Jack EwingNature and Local History Stories

Fancy Fliers

Birds That Defy Gravity in More Ways Than One

In past writings, I have referred to the Swifts and Swallows as the jet planes of the bird world. They are fast, but not very maneuverable and feed by swooping down with their mouths wide open at high speed through swarms of mosquitos, gnats, and other small insects. Being fast has its downside. Most of them can’t take off from a flat surface, and if they unintentionally happen to find themselves on the ground, they’re stuck there. Many are known to sleep while clinging to high twigs that allow them a downward launch for their take-off. Others cling to a vertical surface such as a wall, a cliff, or even inside of a chimney. Some species of swifts are even believed to sleep while cruising at high altitudes. In rural southern Costa Rica, there is a saying that the rainy season isn’t here to stay until the swifts and swallows arrive. The beginning of the rainy season coincides with the arrival of swarms of small, flying insects as well, and these, of course, are what bring the swifts and swallows.

The flycatchers are the stunt planes of the bird world. I once watched a Social Flycatcher fly straight out from its perch, stop in mid-air, grab an insect with its beak, and return to the same perch without dropping an inch. I think most of the 384 species of flycatcher, all of which are found in the New World, are capable of doing the same. Of course, they don’t always fly straight out. A flycatcher goes to where it sees an insect, up, down, or to the side. A Guide To The Birds Of Costa Rica by Stiles and Skutch lists 79 species in Costa Rica, and we have identified 24 species on Hacienda Barú. Without them, our insect population would be many times greater than it already is.

Did you know that all 330 known species of hummingbirds live in the New World? Of these, 51 species are found in Costa Rica, and 18 have been identified at Hacienda Barú.

One morning I was on our porch watching birds when some tiny dark objects, flitting around, above the treetops caught my eye. Zipping up and down and back and forth, it occurred to me that whatever they were, they were eating insects. Reaching for my binoculars and quickly bringing them to my eyes, I determined that I was watching hummingbirds. I knew that insects formed part of their diet, but after a little searching on the internet, I found out just how important they are in fulfilling the nutritional needs of a hummingbird. Caterpillars, larvae, spiders, and insects of all kinds provide protein, fat, vitamins, minerals, other nutrients, and a significant amount of water for the tiny birds. Additionally, the abrasiveness of the insect’s exoskeleton naturally cleans and sharpens the beak while the hummingbird catches and chews the insects. We all know that these colorful little birds consume nectar, but in reality, it is more of a quick fix when they need energy fast. It’s like when you’re engaged in a strenuous sport and grab a high-energy drink for a quick uplift. A hummingbird eats around eight times its body weight daily and needs lots of energy.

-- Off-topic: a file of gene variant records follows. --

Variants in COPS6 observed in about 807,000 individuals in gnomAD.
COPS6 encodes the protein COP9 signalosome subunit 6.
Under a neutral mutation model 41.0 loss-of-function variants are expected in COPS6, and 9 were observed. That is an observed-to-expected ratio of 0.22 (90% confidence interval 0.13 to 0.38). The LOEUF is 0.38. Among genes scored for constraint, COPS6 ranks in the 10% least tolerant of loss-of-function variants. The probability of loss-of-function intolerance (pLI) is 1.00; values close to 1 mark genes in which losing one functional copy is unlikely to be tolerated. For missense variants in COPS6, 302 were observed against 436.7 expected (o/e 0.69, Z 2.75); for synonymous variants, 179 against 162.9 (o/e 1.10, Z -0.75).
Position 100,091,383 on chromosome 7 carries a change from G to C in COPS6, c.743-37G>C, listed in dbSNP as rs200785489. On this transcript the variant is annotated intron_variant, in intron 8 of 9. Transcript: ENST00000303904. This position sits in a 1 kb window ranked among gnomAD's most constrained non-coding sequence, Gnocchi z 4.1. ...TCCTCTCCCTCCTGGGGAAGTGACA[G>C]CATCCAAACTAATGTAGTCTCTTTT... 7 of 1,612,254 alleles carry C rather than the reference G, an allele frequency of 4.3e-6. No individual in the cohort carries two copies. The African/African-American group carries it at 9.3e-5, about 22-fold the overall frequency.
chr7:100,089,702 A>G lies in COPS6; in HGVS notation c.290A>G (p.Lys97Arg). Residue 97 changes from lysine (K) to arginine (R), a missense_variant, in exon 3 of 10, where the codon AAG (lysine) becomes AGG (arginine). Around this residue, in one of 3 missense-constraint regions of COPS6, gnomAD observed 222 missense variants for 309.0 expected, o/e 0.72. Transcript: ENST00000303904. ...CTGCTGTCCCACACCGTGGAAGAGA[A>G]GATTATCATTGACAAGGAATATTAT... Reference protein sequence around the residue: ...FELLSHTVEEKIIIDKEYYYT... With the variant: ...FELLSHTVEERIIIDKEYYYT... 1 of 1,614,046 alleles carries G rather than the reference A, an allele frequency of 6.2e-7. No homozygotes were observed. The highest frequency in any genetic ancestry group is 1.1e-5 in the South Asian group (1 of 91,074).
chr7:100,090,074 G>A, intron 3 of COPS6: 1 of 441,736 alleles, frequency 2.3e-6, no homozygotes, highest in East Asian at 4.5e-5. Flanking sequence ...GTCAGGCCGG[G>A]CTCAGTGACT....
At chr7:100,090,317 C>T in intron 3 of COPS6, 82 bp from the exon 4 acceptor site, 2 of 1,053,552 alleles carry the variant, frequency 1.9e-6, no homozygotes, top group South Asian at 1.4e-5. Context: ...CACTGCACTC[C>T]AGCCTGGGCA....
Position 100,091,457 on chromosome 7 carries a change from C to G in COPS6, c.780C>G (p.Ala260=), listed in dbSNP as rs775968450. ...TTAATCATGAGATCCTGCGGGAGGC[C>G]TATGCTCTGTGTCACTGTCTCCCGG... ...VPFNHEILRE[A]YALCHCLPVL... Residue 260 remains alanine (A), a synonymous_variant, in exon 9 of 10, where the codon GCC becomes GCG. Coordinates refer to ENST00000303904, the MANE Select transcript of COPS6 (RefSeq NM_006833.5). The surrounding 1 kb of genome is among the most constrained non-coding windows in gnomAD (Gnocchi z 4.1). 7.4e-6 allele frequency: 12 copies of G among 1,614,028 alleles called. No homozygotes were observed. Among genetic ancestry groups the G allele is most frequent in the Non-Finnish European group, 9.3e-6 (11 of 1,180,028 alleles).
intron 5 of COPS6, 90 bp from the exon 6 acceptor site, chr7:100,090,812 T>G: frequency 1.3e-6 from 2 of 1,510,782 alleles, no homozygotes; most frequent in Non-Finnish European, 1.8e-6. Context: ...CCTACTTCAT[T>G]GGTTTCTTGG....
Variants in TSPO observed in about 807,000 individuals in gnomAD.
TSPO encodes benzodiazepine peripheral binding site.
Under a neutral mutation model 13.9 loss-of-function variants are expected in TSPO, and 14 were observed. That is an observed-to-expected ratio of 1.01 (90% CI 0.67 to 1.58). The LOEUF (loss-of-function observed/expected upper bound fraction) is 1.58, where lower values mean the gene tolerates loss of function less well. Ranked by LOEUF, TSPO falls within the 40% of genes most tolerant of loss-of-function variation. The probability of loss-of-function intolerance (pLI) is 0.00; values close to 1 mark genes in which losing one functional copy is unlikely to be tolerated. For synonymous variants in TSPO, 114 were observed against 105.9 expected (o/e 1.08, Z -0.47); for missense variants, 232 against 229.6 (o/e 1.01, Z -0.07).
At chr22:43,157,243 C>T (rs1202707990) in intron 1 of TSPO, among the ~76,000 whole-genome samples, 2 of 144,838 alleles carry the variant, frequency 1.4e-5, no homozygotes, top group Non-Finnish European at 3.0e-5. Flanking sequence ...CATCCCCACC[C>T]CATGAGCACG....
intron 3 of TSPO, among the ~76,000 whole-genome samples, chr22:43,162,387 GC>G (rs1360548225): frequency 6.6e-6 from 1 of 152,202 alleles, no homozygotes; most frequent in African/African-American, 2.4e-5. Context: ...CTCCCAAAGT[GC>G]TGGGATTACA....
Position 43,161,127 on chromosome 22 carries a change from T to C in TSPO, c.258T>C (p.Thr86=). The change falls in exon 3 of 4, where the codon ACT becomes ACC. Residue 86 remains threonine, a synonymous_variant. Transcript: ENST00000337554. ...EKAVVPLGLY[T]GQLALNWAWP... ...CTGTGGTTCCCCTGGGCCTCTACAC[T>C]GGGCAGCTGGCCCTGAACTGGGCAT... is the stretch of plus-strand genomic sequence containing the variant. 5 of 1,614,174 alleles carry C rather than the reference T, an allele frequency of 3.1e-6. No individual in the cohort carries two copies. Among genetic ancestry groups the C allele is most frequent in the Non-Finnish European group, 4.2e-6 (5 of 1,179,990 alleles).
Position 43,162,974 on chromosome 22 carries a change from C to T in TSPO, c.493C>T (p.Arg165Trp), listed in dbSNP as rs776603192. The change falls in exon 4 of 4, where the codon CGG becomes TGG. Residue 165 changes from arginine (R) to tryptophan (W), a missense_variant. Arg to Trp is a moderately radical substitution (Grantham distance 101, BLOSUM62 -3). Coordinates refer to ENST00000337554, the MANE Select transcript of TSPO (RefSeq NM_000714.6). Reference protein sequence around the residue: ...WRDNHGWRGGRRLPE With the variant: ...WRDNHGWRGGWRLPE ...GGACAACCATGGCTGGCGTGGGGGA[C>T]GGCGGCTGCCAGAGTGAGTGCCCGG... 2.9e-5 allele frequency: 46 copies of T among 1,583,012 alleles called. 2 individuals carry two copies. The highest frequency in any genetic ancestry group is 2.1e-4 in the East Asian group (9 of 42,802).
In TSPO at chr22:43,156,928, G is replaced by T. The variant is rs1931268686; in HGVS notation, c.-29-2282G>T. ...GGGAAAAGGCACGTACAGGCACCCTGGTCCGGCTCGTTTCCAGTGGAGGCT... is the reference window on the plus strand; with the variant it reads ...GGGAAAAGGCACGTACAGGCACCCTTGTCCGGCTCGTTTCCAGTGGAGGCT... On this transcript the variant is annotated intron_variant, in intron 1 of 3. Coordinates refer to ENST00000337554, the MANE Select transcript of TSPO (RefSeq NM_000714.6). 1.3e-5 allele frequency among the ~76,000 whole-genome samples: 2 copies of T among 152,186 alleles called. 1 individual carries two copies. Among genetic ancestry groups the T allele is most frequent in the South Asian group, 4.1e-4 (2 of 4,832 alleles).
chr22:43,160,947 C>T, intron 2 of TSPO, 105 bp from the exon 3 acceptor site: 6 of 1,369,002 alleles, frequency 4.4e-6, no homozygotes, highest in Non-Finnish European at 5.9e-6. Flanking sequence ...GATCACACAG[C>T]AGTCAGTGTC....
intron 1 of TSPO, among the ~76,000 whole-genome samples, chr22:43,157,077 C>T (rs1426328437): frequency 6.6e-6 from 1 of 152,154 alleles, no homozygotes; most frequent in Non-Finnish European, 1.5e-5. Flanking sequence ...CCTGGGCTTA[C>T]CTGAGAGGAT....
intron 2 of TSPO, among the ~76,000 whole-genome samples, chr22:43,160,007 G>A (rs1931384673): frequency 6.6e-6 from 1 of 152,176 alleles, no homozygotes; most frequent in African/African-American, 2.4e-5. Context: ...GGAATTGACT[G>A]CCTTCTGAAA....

Not only do they need energy to catch food but also to escape becoming food for a plethora of predators. Domestic cats are number one on the list followed by birds of prey and many others. I was once watching a Rufous-tailed hummingbird approach a bright orange flower. Sitting on a stump with its head beside to the flower was a Spiny-tailed Iguana. Into the flower went the beak of the hummingbird and fast as lightning the iguana grabbed the bird, gulped three times, and swallowed it. Surprisingly Praying mantises are known to kill and eat hummingbirds. Spiderwebs can entangle a hummingbird and render it helpless where it will soon starve or become food for some other bird or animal.

If the swifts and swallows are the jet planes of the bird world, and flycatchers are the stunt planes, I would have to classify the hummingbirds as the helicopters. The unique anatomy of their shoulder joints permits full rotation of the wings, which combined with rapid wingbeats allows them to fly up, down, back, and forth, and even to hover. Beautiful, interesting, and versatile, hummingbirds are some of the most fascinating creatures found in Costa Rica.

Jack Ewing was born and educated in Colorado. In 1970 he and his wife Diane moved to the jungles of Costa Rica where they raised two children, Natalie and Chris. A newfound fascination with the rainforest was responsible for his transformation from cattle rancher into environmentalist and naturalist. His many years of living in the rainforest have rendered a multitude of personal experiences, many of which are recounted in his published collection of essays, Monkeys are Made of Chocolate. His latest book is, Where Jaguars & Tapirs Once Roamed: Ever-evolving Costa Rica.